In fact, the Labor Department said Friday that job growth was actually stronger in the final two months of 2012 than had been initially reported – a fact that helped to push stock prices higher even though the January job total didn’t exceed forecasts.
But here’s where the risk of complacency comes in.
The economy may not have fully felt the impact that the payroll-tax hike will have on consumer spending – since that change in take-home pay is only a few weeks old. And the “sequester” (automatic spending cuts) could shave as much as a percentage point from the pace of GDP growth in the second and third quarter.
Investors and the general public breathed a justified sigh of relief early in January, when Congress and President Obama reached a deal that averted many of the tax hikes scheduled to hit US consumers.
But Robert Dye, chief economist at the banking firm Comerica, warns that many fiscal issues are still outstanding, with Congress seeking a difficult balance between sustaining growth and putting the federal budget on sounder footing by reducing future deficits.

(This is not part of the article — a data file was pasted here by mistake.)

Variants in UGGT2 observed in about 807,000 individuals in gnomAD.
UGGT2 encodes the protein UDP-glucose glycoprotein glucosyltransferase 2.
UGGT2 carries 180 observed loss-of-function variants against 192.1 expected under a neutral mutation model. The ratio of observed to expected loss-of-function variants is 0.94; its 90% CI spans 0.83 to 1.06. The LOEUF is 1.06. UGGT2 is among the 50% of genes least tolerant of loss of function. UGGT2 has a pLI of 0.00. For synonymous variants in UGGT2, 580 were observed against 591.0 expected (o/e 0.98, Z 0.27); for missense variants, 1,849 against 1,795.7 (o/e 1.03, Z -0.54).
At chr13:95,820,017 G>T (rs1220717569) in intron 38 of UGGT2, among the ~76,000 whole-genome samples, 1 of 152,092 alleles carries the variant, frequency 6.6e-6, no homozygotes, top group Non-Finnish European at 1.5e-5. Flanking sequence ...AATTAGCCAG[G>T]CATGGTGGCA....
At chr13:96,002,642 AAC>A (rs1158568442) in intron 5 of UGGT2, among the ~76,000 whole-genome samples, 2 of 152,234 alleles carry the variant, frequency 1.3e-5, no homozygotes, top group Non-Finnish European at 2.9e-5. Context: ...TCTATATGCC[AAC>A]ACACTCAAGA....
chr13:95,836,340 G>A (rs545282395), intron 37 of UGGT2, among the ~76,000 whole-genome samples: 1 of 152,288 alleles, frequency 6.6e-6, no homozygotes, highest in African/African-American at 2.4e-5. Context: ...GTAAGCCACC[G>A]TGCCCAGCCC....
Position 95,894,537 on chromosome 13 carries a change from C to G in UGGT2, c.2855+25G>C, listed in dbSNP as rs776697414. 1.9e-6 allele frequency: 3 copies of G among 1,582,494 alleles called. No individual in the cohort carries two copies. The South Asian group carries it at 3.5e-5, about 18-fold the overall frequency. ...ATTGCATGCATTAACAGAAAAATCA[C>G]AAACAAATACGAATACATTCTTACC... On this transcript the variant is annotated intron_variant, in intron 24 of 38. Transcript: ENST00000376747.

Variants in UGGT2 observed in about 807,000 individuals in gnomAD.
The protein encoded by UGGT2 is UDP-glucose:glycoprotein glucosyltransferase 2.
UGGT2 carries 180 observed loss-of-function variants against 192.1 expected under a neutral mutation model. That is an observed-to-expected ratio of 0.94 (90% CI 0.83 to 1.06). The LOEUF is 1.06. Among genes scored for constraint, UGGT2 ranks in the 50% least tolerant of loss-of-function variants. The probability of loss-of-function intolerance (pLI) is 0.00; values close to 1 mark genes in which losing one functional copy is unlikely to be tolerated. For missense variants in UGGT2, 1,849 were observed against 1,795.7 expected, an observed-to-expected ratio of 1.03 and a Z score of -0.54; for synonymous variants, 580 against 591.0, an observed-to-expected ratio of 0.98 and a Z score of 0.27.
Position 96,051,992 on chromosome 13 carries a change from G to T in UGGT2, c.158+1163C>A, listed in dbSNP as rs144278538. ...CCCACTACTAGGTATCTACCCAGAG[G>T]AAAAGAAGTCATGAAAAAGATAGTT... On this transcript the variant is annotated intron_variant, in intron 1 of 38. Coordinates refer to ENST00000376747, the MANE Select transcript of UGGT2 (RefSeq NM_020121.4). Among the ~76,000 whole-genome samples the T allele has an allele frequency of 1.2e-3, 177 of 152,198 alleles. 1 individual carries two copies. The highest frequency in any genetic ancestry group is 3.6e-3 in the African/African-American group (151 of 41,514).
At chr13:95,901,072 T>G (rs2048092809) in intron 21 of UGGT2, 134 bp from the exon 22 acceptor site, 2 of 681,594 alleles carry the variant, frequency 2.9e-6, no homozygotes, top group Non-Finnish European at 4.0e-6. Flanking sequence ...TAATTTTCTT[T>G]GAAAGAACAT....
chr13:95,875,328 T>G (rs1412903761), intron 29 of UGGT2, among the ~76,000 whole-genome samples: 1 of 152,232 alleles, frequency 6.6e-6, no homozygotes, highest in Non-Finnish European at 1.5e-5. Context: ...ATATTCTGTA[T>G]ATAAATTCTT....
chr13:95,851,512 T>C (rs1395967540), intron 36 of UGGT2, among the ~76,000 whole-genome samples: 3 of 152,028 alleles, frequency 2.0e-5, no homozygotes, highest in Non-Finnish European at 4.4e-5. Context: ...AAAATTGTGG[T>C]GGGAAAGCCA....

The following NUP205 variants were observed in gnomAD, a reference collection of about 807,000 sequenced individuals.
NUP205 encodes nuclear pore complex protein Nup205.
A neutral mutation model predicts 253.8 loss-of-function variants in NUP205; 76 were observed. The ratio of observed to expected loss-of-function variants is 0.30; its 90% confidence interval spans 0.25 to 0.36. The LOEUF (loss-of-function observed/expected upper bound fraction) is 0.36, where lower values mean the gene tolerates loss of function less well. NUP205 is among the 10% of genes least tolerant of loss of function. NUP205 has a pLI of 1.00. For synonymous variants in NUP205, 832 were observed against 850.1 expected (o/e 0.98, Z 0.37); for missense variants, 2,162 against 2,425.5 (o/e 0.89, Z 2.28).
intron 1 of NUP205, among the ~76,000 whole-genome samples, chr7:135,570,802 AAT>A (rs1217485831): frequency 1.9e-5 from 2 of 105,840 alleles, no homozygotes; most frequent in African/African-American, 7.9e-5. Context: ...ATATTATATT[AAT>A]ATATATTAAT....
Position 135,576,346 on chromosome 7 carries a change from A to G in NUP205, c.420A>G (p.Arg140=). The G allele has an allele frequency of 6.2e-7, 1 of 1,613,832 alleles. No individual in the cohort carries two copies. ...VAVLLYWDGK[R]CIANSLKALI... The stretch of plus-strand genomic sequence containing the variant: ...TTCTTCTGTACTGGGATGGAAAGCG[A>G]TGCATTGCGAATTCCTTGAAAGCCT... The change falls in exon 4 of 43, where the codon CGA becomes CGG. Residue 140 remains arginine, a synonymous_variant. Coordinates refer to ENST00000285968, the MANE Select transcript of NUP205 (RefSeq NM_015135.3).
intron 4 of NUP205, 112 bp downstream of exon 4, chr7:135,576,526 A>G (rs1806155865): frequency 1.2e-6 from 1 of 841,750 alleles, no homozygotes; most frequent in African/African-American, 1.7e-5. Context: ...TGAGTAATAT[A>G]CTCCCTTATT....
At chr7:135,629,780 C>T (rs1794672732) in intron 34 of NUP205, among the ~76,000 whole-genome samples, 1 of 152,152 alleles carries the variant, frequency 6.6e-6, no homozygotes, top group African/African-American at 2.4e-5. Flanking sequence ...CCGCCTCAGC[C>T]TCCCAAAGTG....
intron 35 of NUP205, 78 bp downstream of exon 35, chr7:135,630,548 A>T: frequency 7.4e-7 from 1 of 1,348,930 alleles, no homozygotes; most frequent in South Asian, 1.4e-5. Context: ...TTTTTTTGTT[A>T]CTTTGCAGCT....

“Right now it is reasonable to assume that a significant portion of the $110 billion sequester will happen,” he wrote in an analysis published in January by Blue Chip Economic Indicators. “It is reasonable to assume that the total fiscal drag from increased taxes and reduced spending will be in the neighborhood of 2 percent of GDP, primarily felt in the first half of 2013.”
The result, Mr. Dye says, could be an economy that grows very little (perhaps at a 1 percent pace) or not at all for the first half of the year. That would leave the economy much more vulnerable than usual to the risk of recession.
If more optimistic economists are correct, the outlook may be brighter. In the Blue Chip survey of more than 50 forecasters, some see the economy growing at a pace higher than 2 percent in the first quarter, rising to 3 percent later in the year.